The Hill That Bled
Actually, it happened on Breed's Hill, which is to the east of Bunker Hill, a grassy green slope, a place where children played and lovers came in the late sunlight to sit on the hillside and watch the ships passing in the bay. This bit of earth, meadow, and hillside, was connected with Boston by a narrow neck of land, and there, on a sunny afternoon, in June of 1775, the first large-scale bloody drama of our revolution was enacted.
You remember how the farmers stood before the British on Lexington Green; that was two months ago, in April of '75; but there is still no war, no army, no nation even--only partisan bands. From all over New England they have converged on the Massachusetts town of Boston. Farmers, smiths, millers, artisans and journeymen.
They bring their own arms, muskets, fowling pieces, blunderbusses; some have only pikes, crude, homemade spears. There is no army, no uniform, no commander in chief. There is only a people who have left their homes and their work to drive out the invader.
And one night they creep across the neck of land that connects Breed's Hill with the mainland, and dragging their heavy guns, they climb to the top of the hill. Now, in the moonlight, they can see the British fleet in the bay beneath them. They waste no time. All night they dig, panting, laughing and swearing softly, yet afraid.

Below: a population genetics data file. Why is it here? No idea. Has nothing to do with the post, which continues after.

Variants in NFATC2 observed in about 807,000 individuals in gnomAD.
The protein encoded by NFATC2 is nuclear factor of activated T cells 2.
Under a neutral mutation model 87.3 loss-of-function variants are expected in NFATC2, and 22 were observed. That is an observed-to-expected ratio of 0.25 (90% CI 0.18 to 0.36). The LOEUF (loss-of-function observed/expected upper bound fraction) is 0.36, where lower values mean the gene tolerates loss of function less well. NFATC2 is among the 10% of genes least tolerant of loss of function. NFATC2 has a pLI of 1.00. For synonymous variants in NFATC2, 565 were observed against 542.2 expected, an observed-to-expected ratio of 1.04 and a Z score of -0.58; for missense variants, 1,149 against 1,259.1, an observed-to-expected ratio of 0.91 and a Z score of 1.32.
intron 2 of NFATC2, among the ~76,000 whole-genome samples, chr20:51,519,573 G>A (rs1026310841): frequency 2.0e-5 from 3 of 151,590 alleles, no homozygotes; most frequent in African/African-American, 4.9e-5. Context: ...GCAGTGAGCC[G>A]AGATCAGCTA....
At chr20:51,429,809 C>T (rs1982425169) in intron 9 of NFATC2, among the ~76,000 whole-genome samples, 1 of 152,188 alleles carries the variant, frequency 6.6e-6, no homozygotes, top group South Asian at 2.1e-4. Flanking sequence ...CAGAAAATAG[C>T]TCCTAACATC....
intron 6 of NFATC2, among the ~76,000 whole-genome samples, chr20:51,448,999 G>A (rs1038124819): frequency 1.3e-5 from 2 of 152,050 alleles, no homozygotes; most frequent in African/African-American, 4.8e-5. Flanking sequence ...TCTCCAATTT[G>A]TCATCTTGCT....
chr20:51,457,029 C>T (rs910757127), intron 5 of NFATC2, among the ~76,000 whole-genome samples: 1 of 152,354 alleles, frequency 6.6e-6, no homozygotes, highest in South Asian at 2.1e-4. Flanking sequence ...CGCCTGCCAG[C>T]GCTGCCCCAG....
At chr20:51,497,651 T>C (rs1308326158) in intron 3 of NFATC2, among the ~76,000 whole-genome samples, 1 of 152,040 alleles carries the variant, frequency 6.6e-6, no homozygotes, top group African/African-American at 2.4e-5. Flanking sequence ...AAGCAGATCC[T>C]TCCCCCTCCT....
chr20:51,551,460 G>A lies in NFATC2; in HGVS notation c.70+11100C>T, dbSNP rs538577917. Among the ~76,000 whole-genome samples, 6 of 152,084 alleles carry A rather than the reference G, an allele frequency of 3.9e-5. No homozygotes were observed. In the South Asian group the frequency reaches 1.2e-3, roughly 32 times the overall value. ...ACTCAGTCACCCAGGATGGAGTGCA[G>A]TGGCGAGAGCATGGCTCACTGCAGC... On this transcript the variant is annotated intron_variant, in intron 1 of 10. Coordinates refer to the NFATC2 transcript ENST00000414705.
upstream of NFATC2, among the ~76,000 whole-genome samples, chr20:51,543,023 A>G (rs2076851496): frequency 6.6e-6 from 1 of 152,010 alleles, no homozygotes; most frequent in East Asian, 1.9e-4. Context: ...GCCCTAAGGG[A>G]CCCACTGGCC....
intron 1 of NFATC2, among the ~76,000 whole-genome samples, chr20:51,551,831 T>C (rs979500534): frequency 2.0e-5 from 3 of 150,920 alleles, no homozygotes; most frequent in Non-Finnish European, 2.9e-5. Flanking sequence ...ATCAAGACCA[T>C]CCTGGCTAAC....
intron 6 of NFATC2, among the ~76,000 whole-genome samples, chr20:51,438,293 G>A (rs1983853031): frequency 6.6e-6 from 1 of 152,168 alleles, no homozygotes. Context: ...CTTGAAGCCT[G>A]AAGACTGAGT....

And in the morning, half exhausted yet tense with excitement, they lie down behind their crude barricade and wait for the enemy. They tense as boatload after boatload of British troops row in from the warships and disgorge hundreds and then thousands of redcoats.
They crouch in the ditch, and when the enemy artillery fire is over and they look over the barricade, they see the enemy coming to the attack, endless red files, rippling bayonets, trained troops.
And now their leader roars at them: "Not now! Wait until you see the whites of their eyes!"
So they wait, and then, at fifteen yards they fire--and they know that the enemy, however fierce, is mortal too. And that they will never forget.
A thousand of the enemy spill their blood in the sun-drenched grass, and yet they come on. And the farmers fight with clubbed muskets, knives, rocks and bare hands. Driven back, they go back like bears, on their hind legs, clawing. For eight long years they will claw like that, and though they give the enemy more fields than this, they will come back again, and in the end, win.